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French expression of the day: Tu m’étonnes

Want to get sarcastic with someone in French? Of course you do! Here's how.

French expression of the day: Tu m'étonnes

Why do I need to know tu m'étonnes?

This means the exact opposite of what you would think it means, so if it's said to you it's important to recognise the context. You might also need it yourself if you want to get sarky with someone. 

What does it mean?

Well its exact translation is 'you surprise me' but it's generally used in a sarcastic tone to mean the exact opposite. Some English equivalents would be 'You don't say' or 'tell me something I don't know' or even 'no shit, Sherlock'. 

It's used to convey the sense that what a person has just said to you is boring, obvious or both.

So if a French pal comments to you Les négociations Brexit ne sont pas très réussies  (the Brexit negotiations are not going well) you can reply with a withering look and a tu m'étonnes.

Some other examples would be –  Ton pull de noel est bête. – Tu m'étonnes.

Your Christmas jumper looks daft. – You don't say

La circulation à Paris est mauvaise aujourd'hui. – Tu m'étonnes.

The traffic in Paris is bad today.  – You amaze me.

Je ne pense pas que Donald Trump dise la vérité. – Tu m'étonnes.

I don't think that Donald Trump is telling the truth. – No shit, Sherlock.

As the use of the informal tu suggests this is a phrase best used for friends, family and people you know well. We wouldn't really advise getting sarky with the kind of people you would use vous for (bosses, your mother-in-law, the judge overseeing your case).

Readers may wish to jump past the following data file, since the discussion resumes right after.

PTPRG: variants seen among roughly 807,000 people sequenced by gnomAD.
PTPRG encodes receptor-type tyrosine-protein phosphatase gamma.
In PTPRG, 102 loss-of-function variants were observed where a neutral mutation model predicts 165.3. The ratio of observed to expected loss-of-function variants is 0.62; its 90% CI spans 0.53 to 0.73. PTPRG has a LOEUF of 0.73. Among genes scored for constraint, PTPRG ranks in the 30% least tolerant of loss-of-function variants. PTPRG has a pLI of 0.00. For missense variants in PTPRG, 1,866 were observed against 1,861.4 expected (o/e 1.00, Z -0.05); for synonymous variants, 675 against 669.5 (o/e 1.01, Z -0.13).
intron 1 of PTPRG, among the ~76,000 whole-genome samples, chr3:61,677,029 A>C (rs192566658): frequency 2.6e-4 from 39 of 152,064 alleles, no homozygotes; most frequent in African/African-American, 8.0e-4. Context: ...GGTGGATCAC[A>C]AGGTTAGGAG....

And just a word of warning that although it's more commonly used as a sarcastic phrase, it can also be a sincere expression of surprise. Vous parlez français, anglais, italien et chinois? Tu m'étonnes! – You speak French, English, Italian AND Chinese? You're amazing!

It's all in the tone of voice, really.  

For more French words and everyday expressions, head to our French Word of the Day section.





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French phrase of the Day: Ne me prends pas pour un lapin de six semaines

Being patronised by a Frenchman? Roll out this phrase.

French phrase of the Day: Ne me prends pas pour un lapin de six semaines

Why do I need to know ne me prends pas pour un lapin de six semaines?

Because someone might be trying to take you for a fool.

What does it mean?

Ne me prends pas pour un lapin de six semaines – pronounced ne me pren pah pour un lapan de see sem-enn – translates as ‘don’t take me for a six-week-old rabbit’, and is a go-to phrase to warn people not to mistake you for a fool, someone who doesn’t understand what’s going on.

The podcast Hit West from French regional newspaper Ouest-France suggests that the ‘six weeks’ comes from the age a rabbit is weaned at, and must therefore be ready to survive on its own.

And why a rabbit at all? Well no-one really seems very sure. Rabbits don’t get a good rap in the French language though, to stand someone up is poser un lapin in French.

English-language metaphor equivalents may be, “I didn’t come down in the last shower”, “I wasn’t born yesterday”, or, as Line of Duty’s DCI Hastings might say, “I didn’t float up the Lagan in a bubble”.

Use it like this

Honestly, keep it simple. If someone’s speaking to you in a patronising manner, simply say: Ne me prends pas pour un lapin de six semaines.

Ouest France suggests that this is the ‘more elegant’ way to request that people don’t take you for a fool. It’s not offensive, but it might be a little old-fashioned. 


You can use the more basic version of this phrase – Ne me prends pas pour une idiote (don’t take me for a fool) or the slightly more punchy Ne me prends pas pour un con (don’t take me for a moron).